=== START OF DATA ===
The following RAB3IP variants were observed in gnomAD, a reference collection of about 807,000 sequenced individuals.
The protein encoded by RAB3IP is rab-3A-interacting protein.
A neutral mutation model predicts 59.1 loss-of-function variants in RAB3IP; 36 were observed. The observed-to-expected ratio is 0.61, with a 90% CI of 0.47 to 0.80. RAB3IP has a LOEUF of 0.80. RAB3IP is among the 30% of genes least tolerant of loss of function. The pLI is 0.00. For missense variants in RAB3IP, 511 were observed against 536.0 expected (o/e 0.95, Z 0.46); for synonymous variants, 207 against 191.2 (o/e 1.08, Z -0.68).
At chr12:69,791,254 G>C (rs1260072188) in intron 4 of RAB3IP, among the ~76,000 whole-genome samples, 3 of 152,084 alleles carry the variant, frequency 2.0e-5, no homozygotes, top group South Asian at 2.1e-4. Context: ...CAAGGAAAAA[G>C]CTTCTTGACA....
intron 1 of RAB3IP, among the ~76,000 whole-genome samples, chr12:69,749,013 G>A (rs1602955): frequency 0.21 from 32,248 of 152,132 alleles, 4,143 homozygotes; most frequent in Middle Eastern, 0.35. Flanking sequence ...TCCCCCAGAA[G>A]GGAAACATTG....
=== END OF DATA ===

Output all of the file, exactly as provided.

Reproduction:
The following RAB3IP variants were observed in gnomAD, a reference collection of about 807,000 sequenced individuals.
The protein encoded by RAB3IP is rab-3A-interacting protein.
A neutral mutation model predicts 59.1 loss-of-function variants in RAB3IP; 36 were observed. The observed-to-expected ratio is 0.61, with a 90% CI of 0.47 to 0.80. RAB3IP has a LOEUF of 0.80. RAB3IP is among the 30% of genes least tolerant of loss of function. The pLI is 0.00. For missense variants in RAB3IP, 511 were observed against 536.0 expected (o/e 0.95, Z 0.46); for synonymous variants, 207 against 191.2 (o/e 1.08, Z -0.68).
At chr12:69,791,254 G>C (rs1260072188) in intron 4 of RAB3IP, among the ~76,000 whole-genome samples, 3 of 152,084 alleles carry the variant, frequency 2.0e-5, no homozygotes, top group South Asian at 2.1e-4. Context: ...CAAGGAAAAA[G>C]CTTCTTGACA....
intron 1 of RAB3IP, among the ~76,000 whole-genome samples, chr12:69,749,013 G>A (rs1602955): frequency 0.21 from 32,248 of 152,132 alleles, 4,143 homozygotes; most frequent in Middle Eastern, 0.35. Flanking sequence ...TCCCCCAGAA[G>A]GGAAACATTG....